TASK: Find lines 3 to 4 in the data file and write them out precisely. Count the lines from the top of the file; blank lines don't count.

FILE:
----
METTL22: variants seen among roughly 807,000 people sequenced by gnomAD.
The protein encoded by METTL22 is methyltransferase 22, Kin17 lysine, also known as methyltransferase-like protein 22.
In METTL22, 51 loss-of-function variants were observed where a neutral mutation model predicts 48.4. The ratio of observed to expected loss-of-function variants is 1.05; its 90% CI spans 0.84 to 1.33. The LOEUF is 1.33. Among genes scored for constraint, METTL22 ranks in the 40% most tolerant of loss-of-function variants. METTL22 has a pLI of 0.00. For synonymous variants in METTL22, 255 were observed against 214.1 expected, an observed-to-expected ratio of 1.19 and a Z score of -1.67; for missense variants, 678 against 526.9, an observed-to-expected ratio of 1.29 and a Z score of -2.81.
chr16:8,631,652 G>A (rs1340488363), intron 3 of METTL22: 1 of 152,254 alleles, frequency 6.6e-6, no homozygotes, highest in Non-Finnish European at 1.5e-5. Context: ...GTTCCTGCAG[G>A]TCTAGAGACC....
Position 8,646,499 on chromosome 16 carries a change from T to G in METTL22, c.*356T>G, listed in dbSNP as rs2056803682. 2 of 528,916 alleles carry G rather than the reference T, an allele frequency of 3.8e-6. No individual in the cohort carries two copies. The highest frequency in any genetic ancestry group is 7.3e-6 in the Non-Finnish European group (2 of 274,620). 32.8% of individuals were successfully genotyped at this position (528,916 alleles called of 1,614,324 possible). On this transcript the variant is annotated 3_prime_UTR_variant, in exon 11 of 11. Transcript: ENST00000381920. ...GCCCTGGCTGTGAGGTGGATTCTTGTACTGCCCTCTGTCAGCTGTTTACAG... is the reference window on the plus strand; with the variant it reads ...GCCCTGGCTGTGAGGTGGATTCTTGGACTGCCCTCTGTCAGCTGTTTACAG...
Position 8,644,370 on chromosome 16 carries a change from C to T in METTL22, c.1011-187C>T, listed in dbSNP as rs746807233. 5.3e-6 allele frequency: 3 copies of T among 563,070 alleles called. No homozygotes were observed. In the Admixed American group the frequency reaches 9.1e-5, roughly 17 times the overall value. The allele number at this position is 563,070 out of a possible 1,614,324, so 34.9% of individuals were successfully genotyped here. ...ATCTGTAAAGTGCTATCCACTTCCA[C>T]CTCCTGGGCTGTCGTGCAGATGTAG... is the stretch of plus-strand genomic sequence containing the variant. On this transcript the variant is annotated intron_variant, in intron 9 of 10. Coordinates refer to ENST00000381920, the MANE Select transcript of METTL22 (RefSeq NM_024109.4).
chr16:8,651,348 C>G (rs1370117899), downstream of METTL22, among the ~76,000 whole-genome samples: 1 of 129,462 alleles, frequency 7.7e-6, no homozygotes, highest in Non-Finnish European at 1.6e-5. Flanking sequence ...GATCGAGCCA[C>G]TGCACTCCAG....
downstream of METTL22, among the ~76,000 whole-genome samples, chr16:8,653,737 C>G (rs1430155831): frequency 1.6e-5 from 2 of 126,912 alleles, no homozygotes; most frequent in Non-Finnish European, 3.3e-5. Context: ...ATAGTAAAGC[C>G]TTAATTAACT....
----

In METTL22, 51 loss-of-function variants were observed where a neutral mutation model predicts 48.4. The ratio of observed to expected loss-of-function variants is 1.05; its 90% CI spans 0.84 to 1.33. The LOEUF is 1.33. Among genes scored for constraint, METTL22 ranks in the 40% most tolerant of loss-of-function variants. METTL22 has a pLI of 0.00. For synonymous variants in METTL22, 255 were observed against 214.1 expected, an observed-to-expected ratio of 1.19 and a Z score of -1.67; for missense variants, 678 against 526.9, an observed-to-expected ratio of 1.29 and a Z score of -2.81.
chr16:8,631,652 G>A (rs1340488363), intron 3 of METTL22: 1 of 152,254 alleles, frequency 6.6e-6, no homozygotes, highest in Non-Finnish European at 1.5e-5. Context: ...GTTCCTGCAG[G>A]TCTAGAGACC....